28. On this reasoning, it was held that Anant was entitled also to the properties inherited by Keshav from Narayan. Anant Bhikappa Patil (Minor) v. Shankar Ramchandra Patil 70 I.A. 232 must, in our opinion, be taken to decide that the doctrine of relation back will apply not only as regards what was joint family estate but also properties which had devolved by inheritance from a collateral. Otherwise, it is impossible to justify the conclusion that the personal properties of Keshav which had vested in Shankar in 1917 would re-vest in Anant even though he was adopted only in 1930. The question arises how this decision is to be reconciled with the principle laid down in Bhubaneswari Debi v. Nilkomul Lahiri 12 I.A. 137 that an adoption made subsequent to the death of a collateral does not divest the inheritance which had vested prior to that date. That that principle was not intended to be departed from is clear from the following observations of Sir George Rankin :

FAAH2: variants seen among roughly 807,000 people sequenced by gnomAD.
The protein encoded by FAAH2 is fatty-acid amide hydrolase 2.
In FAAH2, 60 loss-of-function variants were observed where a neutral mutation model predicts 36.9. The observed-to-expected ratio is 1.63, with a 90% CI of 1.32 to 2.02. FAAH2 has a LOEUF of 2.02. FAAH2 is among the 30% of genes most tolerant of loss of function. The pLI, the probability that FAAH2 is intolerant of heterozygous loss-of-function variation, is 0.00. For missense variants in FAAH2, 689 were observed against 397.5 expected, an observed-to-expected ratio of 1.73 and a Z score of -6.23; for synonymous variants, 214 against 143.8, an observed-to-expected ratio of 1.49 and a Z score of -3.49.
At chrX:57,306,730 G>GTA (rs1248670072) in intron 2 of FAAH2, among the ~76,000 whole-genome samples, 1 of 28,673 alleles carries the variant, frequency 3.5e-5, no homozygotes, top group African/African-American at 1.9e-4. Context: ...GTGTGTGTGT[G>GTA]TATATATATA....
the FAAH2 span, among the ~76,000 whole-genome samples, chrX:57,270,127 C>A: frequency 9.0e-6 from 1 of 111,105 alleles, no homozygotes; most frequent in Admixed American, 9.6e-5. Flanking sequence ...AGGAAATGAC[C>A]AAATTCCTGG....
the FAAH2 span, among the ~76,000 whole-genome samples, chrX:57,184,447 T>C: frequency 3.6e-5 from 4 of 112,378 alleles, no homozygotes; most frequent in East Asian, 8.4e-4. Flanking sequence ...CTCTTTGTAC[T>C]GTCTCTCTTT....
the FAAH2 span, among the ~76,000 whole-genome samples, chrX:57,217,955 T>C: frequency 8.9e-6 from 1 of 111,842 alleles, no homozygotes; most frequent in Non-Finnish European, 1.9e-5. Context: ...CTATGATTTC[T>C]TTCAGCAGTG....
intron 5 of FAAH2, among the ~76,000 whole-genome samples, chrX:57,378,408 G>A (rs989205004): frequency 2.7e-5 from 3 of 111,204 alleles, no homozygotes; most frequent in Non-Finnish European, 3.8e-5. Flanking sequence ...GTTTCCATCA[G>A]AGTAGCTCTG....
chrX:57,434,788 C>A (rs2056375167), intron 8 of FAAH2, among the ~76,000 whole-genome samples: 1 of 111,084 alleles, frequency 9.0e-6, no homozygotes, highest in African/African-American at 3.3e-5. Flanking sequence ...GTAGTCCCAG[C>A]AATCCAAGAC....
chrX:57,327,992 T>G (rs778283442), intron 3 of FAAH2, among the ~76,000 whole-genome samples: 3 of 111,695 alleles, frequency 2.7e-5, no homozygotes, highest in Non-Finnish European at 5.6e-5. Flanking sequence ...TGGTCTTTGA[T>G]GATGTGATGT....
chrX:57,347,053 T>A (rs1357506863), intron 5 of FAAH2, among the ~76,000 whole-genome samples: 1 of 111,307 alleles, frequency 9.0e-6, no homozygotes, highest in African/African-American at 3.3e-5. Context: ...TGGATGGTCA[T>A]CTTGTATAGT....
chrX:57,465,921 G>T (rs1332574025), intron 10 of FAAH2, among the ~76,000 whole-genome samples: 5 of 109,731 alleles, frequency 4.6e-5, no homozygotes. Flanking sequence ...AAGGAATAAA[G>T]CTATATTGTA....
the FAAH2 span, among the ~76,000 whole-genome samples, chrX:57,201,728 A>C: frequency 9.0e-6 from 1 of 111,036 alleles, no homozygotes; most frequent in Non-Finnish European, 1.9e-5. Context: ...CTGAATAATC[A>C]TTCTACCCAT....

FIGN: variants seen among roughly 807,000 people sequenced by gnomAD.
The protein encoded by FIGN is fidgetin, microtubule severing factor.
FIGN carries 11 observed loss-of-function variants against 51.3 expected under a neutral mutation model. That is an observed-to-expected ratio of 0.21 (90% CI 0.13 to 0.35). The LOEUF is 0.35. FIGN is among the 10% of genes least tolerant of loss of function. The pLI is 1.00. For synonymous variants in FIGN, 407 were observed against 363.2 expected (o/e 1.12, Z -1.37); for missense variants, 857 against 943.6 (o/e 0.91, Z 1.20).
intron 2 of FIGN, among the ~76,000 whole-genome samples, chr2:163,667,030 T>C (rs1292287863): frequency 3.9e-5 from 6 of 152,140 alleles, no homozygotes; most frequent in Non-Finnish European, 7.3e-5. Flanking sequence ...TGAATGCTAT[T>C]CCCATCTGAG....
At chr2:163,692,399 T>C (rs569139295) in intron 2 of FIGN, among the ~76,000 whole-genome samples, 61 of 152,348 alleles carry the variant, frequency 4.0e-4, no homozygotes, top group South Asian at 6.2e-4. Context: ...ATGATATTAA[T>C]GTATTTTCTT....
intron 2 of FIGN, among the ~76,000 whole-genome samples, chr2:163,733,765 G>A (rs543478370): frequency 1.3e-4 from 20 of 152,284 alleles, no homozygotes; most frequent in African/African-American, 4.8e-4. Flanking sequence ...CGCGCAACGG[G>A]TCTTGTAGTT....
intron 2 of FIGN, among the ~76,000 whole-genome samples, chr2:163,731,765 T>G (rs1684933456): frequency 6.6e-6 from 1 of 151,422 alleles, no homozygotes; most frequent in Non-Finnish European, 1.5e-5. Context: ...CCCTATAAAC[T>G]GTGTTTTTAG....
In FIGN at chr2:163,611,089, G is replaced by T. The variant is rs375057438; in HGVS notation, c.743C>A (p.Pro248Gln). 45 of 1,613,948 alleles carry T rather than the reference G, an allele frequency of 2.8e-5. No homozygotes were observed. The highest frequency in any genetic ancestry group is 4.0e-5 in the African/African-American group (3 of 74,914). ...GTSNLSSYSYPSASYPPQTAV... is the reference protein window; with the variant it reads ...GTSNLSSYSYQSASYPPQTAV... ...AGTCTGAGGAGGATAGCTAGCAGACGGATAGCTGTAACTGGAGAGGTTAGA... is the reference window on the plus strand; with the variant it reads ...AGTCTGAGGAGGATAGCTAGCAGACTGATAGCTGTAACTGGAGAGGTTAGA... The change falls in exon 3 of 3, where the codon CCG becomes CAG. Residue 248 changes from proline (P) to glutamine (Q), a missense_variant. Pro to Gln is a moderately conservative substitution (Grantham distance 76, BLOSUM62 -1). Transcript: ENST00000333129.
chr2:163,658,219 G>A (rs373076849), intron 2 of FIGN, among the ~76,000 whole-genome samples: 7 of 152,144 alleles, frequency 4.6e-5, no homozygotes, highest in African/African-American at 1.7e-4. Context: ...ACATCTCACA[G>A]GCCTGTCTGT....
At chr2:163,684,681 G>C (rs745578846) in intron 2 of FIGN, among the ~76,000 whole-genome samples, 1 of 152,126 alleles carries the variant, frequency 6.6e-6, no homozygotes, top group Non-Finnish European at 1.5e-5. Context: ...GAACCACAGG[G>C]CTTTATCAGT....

'Neither the present case nor Amarendra's case 60 I.A. 242 brings into question the rule of law considered in Bhubaneswari Debi v. Nilkomul Lahiri 12 I.A. 137 (cf. Kalidas Das v. Krishnachandra Das 2 B.L.R. 103 )...........Their Lordships say nothing as to these decisions which appear to apply only to cases of inheritance.'